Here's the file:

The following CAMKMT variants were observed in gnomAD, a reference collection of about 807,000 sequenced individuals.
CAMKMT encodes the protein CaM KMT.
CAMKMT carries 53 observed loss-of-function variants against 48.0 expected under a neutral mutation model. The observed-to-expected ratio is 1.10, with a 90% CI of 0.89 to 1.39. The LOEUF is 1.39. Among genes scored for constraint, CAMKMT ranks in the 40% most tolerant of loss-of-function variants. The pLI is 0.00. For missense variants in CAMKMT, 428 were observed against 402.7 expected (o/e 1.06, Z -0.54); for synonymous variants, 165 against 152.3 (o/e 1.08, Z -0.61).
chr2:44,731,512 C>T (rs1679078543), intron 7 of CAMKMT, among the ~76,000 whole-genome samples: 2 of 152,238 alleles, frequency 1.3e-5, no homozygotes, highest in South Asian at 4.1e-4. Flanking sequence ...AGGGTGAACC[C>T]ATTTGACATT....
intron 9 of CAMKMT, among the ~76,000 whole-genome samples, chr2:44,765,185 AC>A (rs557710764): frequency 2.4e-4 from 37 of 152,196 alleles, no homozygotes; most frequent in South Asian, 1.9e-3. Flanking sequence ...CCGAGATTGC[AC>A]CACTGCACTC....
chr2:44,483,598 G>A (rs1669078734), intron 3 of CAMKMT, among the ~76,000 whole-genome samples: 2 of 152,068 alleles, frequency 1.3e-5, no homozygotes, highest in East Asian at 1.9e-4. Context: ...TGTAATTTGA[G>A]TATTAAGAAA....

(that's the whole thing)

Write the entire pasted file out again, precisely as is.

The following CAMKMT variants were observed in gnomAD, a reference collection of about 807,000 sequenced individuals.
CAMKMT encodes the protein CaM KMT.
CAMKMT carries 53 observed loss-of-function variants against 48.0 expected under a neutral mutation model. The observed-to-expected ratio is 1.10, with a 90% CI of 0.89 to 1.39. The LOEUF is 1.39. Among genes scored for constraint, CAMKMT ranks in the 40% most tolerant of loss-of-function variants. The pLI is 0.00. For missense variants in CAMKMT, 428 were observed against 402.7 expected (o/e 1.06, Z -0.54); for synonymous variants, 165 against 152.3 (o/e 1.08, Z -0.61).
chr2:44,731,512 C>T (rs1679078543), intron 7 of CAMKMT, among the ~76,000 whole-genome samples: 2 of 152,238 alleles, frequency 1.3e-5, no homozygotes, highest in South Asian at 4.1e-4. Flanking sequence ...AGGGTGAACC[C>T]ATTTGACATT....
intron 9 of CAMKMT, among the ~76,000 whole-genome samples, chr2:44,765,185 AC>A (rs557710764): frequency 2.4e-4 from 37 of 152,196 alleles, no homozygotes; most frequent in South Asian, 1.9e-3. Flanking sequence ...CCGAGATTGC[AC>A]CACTGCACTC....
chr2:44,483,598 G>A (rs1669078734), intron 3 of CAMKMT, among the ~76,000 whole-genome samples: 2 of 152,068 alleles, frequency 1.3e-5, no homozygotes, highest in East Asian at 1.9e-4. Context: ...TGTAATTTGA[G>A]TATTAAGAAA....